Wednesday September 07,



Written by Alan Hustak for VMO
Monday, March 9th,

The publishing industry being what it is these days, you won’t find a copy of Dave Flavell’s oral history of Griffintown, Point St. Charles and Goose Village in any Montreal bookstore. Newspapers in town have taken no notice of it either. But for anyone interested in the social history of Montreal’s storied English-speaking Catholic tenement neighbourhoods, Flavell's book, Community and the Human Spirit is well worth ordering online. Like Patricia Burns’ Shamrock and The Shield, Flavell's book captures a chorus of voices to chronicle a time and place that no longer exists. 

He, again like Burns, conducted a slew of interviews with people who grew up in the three tough slum neighbourhoods that used to be in close proximity to each other at the east end of the Lachine Canal. The railway tracks along Mullins separated the French from the Irish and, for the most part the Italians gravitated  to Victoriatown, or Goose Village, which was razed in the 1960s.

What they had in common was the church - St. Ann’s in Griffintown, St. Gabriel’s in the Point, and the dedicated clergy who ran the schools.  In some instances the priests and nuns appear to be as tough and as resilient as the congregations they served,  “never shy to use a strap or other forms of corporal punishment.” 

Flavell is a  sociologist, not a historian. His book “tells the stories of the importance and the meaning of community as well as the strength of the human spirit.” Among those he interviewed are a colourful lot natural storytellers such as former Montreal Police Chief Bob Cote who grew up in The Point, Joe  Berlettano who worked for many years running camps for Catholic Community Services, Margaret Healy, the den mother of the local Irish community, firefighter Joe Timmons and police officer Mike Spears.

Rivalry between the three neighbourhoods was intense and brawls between French and English, Catholic and Protestant are well documented. But as Mike Spears recalls:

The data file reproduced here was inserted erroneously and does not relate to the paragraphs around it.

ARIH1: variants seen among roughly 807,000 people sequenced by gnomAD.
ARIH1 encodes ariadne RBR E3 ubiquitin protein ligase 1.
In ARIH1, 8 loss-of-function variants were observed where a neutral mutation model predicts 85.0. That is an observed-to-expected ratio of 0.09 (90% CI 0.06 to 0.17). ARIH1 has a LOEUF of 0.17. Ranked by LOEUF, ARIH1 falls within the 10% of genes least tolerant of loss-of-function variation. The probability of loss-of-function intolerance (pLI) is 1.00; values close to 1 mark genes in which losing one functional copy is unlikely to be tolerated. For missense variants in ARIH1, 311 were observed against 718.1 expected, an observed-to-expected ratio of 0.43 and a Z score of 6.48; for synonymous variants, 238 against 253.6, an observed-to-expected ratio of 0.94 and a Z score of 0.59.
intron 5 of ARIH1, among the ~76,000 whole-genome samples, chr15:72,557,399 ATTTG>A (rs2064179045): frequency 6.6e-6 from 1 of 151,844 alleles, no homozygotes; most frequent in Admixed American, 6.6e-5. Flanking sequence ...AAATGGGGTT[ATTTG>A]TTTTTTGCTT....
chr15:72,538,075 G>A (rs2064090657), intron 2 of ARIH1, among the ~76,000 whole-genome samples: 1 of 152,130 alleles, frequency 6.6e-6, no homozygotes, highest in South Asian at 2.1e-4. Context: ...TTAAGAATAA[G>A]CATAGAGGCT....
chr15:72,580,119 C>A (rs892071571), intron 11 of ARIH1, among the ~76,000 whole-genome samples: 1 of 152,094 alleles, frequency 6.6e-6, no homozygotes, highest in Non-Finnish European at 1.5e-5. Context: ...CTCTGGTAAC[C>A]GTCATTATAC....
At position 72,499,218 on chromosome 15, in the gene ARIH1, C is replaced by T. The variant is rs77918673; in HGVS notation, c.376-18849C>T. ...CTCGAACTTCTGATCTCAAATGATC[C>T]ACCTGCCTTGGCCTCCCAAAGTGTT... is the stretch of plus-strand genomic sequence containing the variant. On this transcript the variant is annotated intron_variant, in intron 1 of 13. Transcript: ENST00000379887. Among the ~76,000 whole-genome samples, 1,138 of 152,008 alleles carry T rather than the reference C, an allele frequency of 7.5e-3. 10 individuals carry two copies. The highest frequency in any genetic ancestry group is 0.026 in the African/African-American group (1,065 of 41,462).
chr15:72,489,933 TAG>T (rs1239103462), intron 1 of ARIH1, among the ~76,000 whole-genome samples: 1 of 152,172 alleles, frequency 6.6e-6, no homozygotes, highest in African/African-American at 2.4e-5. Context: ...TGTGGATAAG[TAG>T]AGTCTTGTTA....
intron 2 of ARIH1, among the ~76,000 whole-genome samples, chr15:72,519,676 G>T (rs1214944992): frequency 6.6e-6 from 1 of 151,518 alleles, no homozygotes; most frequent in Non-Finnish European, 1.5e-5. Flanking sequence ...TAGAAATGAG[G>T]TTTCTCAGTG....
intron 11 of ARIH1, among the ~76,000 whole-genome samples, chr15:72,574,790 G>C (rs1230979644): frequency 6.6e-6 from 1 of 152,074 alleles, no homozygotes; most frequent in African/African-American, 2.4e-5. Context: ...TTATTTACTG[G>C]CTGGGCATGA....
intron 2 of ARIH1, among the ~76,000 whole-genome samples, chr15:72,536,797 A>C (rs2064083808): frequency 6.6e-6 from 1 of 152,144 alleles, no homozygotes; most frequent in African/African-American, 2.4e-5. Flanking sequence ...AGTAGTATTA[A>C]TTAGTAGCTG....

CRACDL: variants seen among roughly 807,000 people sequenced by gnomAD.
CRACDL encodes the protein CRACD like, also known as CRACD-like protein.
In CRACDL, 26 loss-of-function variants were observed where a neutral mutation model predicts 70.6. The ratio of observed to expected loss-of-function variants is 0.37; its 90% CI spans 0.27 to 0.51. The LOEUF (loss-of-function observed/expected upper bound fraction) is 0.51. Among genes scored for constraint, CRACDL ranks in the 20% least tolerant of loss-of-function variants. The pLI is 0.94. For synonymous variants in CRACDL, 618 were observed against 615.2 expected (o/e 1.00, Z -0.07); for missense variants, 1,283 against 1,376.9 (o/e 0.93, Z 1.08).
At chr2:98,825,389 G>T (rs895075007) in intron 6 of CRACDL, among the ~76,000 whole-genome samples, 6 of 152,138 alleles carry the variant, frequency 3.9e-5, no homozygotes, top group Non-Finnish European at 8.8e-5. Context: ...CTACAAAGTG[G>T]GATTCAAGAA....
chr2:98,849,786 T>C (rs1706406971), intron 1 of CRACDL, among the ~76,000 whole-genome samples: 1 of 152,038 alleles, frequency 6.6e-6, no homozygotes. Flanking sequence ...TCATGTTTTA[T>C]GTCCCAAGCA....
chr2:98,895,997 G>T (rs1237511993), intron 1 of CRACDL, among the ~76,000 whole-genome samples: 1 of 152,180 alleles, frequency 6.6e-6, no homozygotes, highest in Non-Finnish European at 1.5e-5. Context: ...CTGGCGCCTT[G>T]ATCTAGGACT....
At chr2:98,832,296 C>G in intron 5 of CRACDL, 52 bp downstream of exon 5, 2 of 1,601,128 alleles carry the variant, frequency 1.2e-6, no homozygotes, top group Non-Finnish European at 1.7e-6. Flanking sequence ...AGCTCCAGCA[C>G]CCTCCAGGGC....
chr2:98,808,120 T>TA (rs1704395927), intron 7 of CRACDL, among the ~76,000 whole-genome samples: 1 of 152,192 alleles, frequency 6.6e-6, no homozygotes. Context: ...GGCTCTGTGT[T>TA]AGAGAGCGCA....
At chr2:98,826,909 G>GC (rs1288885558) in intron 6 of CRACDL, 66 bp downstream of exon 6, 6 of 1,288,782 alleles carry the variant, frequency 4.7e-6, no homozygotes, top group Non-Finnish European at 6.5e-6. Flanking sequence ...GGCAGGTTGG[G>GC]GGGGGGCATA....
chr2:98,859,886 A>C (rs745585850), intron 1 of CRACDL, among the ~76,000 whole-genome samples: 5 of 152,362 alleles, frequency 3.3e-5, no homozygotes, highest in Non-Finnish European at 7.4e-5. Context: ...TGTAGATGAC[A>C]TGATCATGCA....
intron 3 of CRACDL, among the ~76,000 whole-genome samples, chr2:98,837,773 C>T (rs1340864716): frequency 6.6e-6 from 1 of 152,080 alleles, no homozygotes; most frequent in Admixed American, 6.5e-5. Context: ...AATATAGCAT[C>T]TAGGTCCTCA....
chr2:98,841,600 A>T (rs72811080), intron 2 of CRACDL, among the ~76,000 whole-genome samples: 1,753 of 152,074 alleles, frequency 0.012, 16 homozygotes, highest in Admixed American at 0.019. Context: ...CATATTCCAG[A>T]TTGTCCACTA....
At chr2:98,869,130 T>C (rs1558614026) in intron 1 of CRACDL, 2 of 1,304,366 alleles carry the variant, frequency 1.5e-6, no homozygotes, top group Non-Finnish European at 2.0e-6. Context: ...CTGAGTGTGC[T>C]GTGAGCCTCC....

“Nothing serious, the odd punch in the head – or run like hell. You won some and lost some, but there was no hatred. Just something to do.” Spears was an altar boy at St. Gabriel’s, and remembers the experience with affection.   

“The good thing about being an altar boy was when there was a funeral during the week you could leave school to serve Mass and earn a dime. A lot of times you’d tell the teacher you had a funeral to serve, which was not true, and you got out of school for an hour or two.” 

His  older brother, Frankie, he tells us, was the black sheep of the family - a pool shark, pickpocket and con artist, ”who could rob your eyes and come back for your eyebrows.” The  spirit of the neighbourhoods is evident in Roger Agnessi’s recollections of Nap’s Tavern, a long and narrow watering hole.  

“The French guys would sit at one end, the English guys at the other. There was a no man’s land in the middle where people who didn’t know any better about the Point might stumble in.”  Police officer Mike Robert Cote, Chief Inspector with the Montreal Police Department grew up in Pointe St. Charles during “the golden years” after the Second World War, when economic conditions began to improve. Cote began his  career  doing beat patrol at Station 11.  

“Back then we didn’t have the drug problems that we have today. Back then it was beer and wine."

The Village was next to a meat processing plant, which Cote says led to some ridiculous situations.  

“Sometimes a cow or a bull would escape, that meant we were about to go on what we called an urban safari. All the police in the area would immediately rush in. Of course to us it was always a bull, because a bull is far more impressive than a cow when you are on an urban safari. Fifty years ago we didn’t have the complex police procedures that we have today. I can tell you, whatever the bull weighed when it got out, it weighed considerably more when we returned it to Canada Packers with all the lead we pumped into it.”   

Maurice Harkin, who now lives in Ottawa, contributes a vignette about the Corpus Christi processions. 

“In preparation for the event, the people of Griffintown washed down the exteriors of their houses and hung flags and religious artifacts from the windows. They lined the streets and looked out all the windows. It was quite an event back in those days.”

The neighbourhoods, of course, are gentrified, and only a few vestiges of what once was remain.The residents who lived there may have been dirt poor, but they were rich in so many other ways. It was a caring place where people looked after each other, and where no one locked their doors.

Gordie McCambridge  a school principal for many years, moved out of Griffintown years ago  but sometimes returns to the area to look around.  

“In some ways I find those walks enjoyable,” he says. “ In other ways I find them sad when I think of what we had at one time down there. The sense of community that we enjoyed in those days won’t ever be replaced. It can’t be.”


Community & The Human Spirit

Oral Histories from Montreal’s Point St. Charles, Griffintown and Goose Village


By Dave Flavell. 357 pp,    $19.00 + shipping




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